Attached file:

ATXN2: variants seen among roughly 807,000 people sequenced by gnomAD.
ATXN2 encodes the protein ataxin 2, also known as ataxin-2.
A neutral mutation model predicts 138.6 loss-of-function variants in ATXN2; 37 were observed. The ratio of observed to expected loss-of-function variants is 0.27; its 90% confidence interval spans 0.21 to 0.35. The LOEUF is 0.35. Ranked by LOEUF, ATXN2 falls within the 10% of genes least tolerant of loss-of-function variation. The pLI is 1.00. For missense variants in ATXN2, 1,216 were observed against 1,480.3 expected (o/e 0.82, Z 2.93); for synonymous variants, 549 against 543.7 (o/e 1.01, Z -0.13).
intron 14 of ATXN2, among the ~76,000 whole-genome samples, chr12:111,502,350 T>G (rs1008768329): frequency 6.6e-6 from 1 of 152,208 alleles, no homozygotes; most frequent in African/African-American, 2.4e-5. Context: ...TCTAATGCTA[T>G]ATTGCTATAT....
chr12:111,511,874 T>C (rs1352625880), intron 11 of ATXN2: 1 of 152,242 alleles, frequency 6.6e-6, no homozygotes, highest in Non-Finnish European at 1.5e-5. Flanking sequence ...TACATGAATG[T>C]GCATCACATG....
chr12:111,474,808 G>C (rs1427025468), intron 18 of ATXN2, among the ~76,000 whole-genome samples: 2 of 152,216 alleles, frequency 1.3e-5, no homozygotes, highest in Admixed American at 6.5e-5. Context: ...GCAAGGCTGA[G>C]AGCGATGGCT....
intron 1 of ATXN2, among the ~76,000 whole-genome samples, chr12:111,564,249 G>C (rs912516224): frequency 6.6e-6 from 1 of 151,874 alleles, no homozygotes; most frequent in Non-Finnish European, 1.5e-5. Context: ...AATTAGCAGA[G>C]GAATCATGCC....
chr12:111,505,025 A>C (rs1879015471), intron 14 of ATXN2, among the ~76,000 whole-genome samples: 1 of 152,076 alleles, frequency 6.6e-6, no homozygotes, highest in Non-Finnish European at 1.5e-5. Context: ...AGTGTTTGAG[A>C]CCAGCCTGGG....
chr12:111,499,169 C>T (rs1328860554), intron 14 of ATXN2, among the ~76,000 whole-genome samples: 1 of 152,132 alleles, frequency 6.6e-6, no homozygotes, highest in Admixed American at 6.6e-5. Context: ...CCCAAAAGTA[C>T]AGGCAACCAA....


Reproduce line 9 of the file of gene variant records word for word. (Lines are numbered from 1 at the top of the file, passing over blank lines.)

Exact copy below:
chr12:111,499,169 C>T (rs1328860554), intron 14 of ATXN2, among the ~76,000 whole-genome samples: 1 of 152,132 alleles, frequency 6.6e-6, no homozygotes, highest in Admixed American at 6.6e-5. Context: ...CCCAAAAGTA[C>T]AGGCAACCAA....